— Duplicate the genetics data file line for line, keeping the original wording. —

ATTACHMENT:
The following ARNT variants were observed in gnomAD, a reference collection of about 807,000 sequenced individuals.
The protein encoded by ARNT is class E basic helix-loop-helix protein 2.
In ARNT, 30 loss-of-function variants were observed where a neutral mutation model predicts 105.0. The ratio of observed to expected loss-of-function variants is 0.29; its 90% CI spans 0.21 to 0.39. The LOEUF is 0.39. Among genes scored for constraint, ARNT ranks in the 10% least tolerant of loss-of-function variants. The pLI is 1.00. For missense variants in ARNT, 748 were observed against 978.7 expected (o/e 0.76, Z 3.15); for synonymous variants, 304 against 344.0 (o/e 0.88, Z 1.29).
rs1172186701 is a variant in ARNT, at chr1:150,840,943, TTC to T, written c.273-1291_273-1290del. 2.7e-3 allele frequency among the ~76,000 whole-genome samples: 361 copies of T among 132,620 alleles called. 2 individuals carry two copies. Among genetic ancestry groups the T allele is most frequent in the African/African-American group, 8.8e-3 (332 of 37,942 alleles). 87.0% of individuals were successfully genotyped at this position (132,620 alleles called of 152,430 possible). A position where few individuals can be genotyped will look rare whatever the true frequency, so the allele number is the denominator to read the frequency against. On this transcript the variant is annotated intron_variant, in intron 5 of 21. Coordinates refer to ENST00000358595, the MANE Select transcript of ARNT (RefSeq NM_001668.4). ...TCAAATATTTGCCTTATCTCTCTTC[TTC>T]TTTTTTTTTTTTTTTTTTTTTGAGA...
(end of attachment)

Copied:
The following ARNT variants were observed in gnomAD, a reference collection of about 807,000 sequenced individuals.
The protein encoded by ARNT is class E basic helix-loop-helix protein 2.
In ARNT, 30 loss-of-function variants were observed where a neutral mutation model predicts 105.0. The ratio of observed to expected loss-of-function variants is 0.29; its 90% CI spans 0.21 to 0.39. The LOEUF is 0.39. Among genes scored for constraint, ARNT ranks in the 10% least tolerant of loss-of-function variants. The pLI is 1.00. For missense variants in ARNT, 748 were observed against 978.7 expected (o/e 0.76, Z 3.15); for synonymous variants, 304 against 344.0 (o/e 0.88, Z 1.29).
rs1172186701 is a variant in ARNT, at chr1:150,840,943, TTC to T, written c.273-1291_273-1290del. 2.7e-3 allele frequency among the ~76,000 whole-genome samples: 361 copies of T among 132,620 alleles called. 2 individuals carry two copies. Among genetic ancestry groups the T allele is most frequent in the African/African-American group, 8.8e-3 (332 of 37,942 alleles). 87.0% of individuals were successfully genotyped at this position (132,620 alleles called of 152,430 possible). A position where few individuals can be genotyped will look rare whatever the true frequency, so the allele number is the denominator to read the frequency against. On this transcript the variant is annotated intron_variant, in intron 5 of 21. Coordinates refer to ENST00000358595, the MANE Select transcript of ARNT (RefSeq NM_001668.4). ...TCAAATATTTGCCTTATCTCTCTTC[TTC>T]TTTTTTTTTTTTTTTTTTTTTGAGA...